“To Make An Omelet” by Pat Tompkins
Pat Tompkins is an editor in the San Francisco Bay Area. Her poems have appeared in Haibun Today, Thema, A Hundred Gourds, and other publications.
Clichés are normally something poets seek to avoid. They’re too easy. They’re so embedded in our common imagination that they’ve ceased to harbor any surprise. They’re like the old uncle at your family reunion who tells and retells the same stories. So why not have some fun juggling them, see what jumps out? Sure enough: there’s the rhythm, plain as day. The clichés that stick in your head have no more than four or five heavily stressed syllables (a BIRD in the HAND is worth a SNAKE in the GRASS); they repeat sounds in subtle and not-so-subtle ways (A bird in the hand is worth a snake in the grass); and their tone leaves no room for argument (A snake in the grass is worth two fat cats. A leopard can’t change its kettle of fish). This game is fun.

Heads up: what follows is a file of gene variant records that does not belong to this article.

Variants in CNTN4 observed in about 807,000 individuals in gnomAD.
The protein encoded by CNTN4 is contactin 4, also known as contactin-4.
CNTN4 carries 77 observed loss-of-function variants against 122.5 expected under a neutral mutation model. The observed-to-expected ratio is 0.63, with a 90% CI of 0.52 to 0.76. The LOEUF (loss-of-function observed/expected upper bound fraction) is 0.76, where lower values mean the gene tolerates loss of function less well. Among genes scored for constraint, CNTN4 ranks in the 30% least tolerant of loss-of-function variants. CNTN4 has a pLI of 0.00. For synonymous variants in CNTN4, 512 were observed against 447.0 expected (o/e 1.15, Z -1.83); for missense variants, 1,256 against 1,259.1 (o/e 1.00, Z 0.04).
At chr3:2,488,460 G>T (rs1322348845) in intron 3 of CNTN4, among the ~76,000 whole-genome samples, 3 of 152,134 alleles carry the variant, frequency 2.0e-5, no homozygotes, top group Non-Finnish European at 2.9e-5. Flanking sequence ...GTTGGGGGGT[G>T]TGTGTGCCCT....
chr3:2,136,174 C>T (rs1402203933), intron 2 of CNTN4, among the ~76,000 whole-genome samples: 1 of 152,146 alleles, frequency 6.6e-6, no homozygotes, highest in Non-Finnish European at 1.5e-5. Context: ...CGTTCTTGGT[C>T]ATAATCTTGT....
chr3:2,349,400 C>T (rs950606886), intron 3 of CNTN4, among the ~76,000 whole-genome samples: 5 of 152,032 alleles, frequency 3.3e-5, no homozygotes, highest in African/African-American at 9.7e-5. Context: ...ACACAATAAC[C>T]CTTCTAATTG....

The poet herself arranged her lines in the shape of an egg. The designer is the one that gave it a drunken angle, about to topple. The typeface for the body is already cracking so it’s easy to imagine the point of impact, all those cliché parts splayed across the floor, some of them bumping together into even more disjointed un-meaning. The title is arced to suggest the outline of the whole egg or a large shard that might remain intact after the fall. Alternately it might be a finger, hooked to pull the egg to its doom, attached to someone eager to find out what delicious new turn of phrase might be born from the mess on the floor.